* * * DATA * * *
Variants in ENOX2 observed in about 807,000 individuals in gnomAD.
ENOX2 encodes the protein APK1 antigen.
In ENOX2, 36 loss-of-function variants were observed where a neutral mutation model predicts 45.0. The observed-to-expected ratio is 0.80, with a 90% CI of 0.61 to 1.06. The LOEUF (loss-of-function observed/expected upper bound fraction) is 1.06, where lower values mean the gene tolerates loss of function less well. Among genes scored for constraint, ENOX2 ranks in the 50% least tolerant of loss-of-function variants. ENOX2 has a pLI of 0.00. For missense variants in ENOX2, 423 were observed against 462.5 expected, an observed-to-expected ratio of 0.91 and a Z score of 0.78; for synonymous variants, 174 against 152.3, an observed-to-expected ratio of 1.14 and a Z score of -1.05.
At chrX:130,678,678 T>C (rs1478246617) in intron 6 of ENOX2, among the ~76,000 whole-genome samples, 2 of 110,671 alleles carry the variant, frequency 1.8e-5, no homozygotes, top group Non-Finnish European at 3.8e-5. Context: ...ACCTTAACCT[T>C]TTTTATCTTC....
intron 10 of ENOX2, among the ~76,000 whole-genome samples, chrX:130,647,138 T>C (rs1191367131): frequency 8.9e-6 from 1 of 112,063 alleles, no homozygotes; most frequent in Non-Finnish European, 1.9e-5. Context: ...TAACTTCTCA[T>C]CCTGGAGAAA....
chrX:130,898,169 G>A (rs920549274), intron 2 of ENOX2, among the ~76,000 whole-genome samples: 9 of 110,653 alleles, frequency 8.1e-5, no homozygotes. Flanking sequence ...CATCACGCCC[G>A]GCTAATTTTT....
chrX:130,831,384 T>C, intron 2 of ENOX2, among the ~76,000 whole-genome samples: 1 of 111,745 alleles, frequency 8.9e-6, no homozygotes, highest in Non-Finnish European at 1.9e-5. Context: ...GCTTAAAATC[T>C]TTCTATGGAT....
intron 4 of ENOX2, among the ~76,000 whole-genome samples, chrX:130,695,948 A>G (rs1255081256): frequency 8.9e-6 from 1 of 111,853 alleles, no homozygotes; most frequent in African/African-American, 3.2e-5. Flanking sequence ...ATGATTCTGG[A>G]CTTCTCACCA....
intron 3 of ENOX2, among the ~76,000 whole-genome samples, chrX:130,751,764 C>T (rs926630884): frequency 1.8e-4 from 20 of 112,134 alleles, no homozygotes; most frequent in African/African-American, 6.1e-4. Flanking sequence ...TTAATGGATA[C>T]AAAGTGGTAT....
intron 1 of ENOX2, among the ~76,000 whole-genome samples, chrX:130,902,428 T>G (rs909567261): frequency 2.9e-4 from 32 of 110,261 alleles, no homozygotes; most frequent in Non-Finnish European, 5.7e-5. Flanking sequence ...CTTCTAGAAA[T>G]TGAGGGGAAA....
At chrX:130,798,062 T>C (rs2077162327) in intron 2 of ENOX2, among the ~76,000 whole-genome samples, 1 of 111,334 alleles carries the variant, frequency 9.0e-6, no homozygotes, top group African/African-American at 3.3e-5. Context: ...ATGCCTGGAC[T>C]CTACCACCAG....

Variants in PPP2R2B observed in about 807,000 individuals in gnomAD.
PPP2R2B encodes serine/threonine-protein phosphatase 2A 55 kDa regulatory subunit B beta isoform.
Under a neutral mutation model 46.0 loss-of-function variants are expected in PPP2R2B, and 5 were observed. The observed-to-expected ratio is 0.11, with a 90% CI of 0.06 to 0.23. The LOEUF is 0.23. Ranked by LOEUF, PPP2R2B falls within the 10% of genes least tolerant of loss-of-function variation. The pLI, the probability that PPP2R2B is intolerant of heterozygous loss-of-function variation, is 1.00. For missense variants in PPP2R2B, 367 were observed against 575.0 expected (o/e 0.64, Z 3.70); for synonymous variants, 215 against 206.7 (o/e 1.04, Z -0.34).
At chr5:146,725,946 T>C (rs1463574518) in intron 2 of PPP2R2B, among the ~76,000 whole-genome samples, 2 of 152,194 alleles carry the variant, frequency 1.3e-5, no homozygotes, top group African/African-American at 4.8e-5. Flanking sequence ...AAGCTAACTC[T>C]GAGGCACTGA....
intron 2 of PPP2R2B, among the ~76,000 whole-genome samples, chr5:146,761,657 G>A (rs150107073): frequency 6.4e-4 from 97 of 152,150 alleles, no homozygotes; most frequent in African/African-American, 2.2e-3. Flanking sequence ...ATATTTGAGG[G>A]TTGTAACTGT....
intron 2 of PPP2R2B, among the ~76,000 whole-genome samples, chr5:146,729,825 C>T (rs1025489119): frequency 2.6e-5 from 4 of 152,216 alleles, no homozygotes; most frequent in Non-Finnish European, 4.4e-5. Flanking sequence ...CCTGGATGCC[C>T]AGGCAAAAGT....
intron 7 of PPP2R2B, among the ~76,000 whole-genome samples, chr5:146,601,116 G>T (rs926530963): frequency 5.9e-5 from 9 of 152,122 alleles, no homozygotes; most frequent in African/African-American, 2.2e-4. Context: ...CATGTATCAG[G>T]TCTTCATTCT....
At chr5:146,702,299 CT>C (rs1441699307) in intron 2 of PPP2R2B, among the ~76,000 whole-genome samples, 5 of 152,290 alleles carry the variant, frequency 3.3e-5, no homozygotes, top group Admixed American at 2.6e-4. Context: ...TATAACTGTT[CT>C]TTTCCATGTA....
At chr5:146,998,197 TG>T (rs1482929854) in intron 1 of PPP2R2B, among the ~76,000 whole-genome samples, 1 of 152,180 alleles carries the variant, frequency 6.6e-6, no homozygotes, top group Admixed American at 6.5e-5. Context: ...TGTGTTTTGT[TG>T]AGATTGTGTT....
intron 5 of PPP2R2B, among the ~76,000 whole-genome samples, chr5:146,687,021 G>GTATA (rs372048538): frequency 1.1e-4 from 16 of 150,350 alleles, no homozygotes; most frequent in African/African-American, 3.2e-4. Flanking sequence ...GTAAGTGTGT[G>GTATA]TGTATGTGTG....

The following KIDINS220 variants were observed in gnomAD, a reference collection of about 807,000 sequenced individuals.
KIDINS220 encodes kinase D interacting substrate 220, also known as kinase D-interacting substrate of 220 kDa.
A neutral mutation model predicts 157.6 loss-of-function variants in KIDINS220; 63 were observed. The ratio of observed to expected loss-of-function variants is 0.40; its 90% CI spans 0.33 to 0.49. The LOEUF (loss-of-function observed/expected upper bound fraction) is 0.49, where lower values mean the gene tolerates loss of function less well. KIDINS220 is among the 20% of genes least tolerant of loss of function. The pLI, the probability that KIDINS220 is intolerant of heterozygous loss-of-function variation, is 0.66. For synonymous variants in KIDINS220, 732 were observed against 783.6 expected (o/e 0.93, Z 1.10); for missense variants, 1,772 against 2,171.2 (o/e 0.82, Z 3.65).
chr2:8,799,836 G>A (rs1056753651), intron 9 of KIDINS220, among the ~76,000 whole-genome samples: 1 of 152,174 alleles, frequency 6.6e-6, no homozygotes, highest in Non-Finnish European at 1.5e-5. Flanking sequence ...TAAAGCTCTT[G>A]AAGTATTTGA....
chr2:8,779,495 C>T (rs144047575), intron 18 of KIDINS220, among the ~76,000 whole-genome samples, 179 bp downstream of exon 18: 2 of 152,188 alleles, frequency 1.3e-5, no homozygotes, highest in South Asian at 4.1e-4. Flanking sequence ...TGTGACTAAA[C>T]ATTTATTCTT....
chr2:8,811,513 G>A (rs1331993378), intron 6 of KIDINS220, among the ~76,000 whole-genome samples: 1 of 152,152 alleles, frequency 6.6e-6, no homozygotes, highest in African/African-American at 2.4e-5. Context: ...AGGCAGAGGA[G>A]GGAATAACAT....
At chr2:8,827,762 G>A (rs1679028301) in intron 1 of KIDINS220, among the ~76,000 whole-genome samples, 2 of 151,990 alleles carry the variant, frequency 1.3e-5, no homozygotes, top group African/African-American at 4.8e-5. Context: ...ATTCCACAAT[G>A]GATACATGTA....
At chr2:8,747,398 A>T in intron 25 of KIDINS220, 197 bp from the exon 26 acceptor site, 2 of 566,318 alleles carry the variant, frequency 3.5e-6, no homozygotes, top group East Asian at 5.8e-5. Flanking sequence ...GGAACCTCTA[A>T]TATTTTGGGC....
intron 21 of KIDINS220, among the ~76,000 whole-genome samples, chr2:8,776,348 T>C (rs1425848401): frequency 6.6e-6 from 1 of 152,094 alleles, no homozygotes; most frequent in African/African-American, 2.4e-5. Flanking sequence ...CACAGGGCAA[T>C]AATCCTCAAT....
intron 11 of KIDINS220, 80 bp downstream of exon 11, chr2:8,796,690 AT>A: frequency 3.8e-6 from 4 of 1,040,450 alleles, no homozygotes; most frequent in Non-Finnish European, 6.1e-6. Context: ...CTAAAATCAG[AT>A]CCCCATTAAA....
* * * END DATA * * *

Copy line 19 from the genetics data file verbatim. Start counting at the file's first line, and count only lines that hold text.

At chr5:146,702,299 CT>C (rs1441699307) in intron 2 of PPP2R2B, among the ~76,000 whole-genome samples, 5 of 152,290 alleles carry the variant, frequency 3.3e-5, no homozygotes, top group Admixed American at 2.6e-4. Context: ...TATAACTGTT[CT>C]TTTCCATGTA....